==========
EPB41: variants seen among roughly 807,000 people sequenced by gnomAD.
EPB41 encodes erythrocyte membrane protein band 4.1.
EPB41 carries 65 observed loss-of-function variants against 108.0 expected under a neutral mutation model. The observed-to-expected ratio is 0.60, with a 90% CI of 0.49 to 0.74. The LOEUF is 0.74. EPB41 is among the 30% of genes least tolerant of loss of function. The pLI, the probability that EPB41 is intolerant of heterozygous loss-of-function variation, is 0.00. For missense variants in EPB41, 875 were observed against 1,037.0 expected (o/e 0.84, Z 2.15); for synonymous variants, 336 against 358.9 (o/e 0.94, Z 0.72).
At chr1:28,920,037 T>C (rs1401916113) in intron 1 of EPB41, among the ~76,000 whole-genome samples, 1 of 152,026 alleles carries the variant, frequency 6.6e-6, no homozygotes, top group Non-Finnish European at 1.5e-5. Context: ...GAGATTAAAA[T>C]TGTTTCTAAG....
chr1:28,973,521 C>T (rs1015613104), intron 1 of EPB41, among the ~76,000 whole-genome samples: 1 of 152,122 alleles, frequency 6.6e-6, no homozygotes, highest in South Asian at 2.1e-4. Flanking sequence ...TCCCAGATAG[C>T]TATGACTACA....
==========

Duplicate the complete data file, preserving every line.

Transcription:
EPB41: variants seen among roughly 807,000 people sequenced by gnomAD.
EPB41 encodes erythrocyte membrane protein band 4.1.
EPB41 carries 65 observed loss-of-function variants against 108.0 expected under a neutral mutation model. The observed-to-expected ratio is 0.60, with a 90% CI of 0.49 to 0.74. The LOEUF is 0.74. EPB41 is among the 30% of genes least tolerant of loss of function. The pLI, the probability that EPB41 is intolerant of heterozygous loss-of-function variation, is 0.00. For missense variants in EPB41, 875 were observed against 1,037.0 expected (o/e 0.84, Z 2.15); for synonymous variants, 336 against 358.9 (o/e 0.94, Z 0.72).
At chr1:28,920,037 T>C (rs1401916113) in intron 1 of EPB41, among the ~76,000 whole-genome samples, 1 of 152,026 alleles carries the variant, frequency 6.6e-6, no homozygotes, top group Non-Finnish European at 1.5e-5. Context: ...GAGATTAAAA[T>C]TGTTTCTAAG....
chr1:28,973,521 C>T (rs1015613104), intron 1 of EPB41, among the ~76,000 whole-genome samples: 1 of 152,122 alleles, frequency 6.6e-6, no homozygotes, highest in South Asian at 2.1e-4. Flanking sequence ...TCCCAGATAG[C>T]TATGACTACA....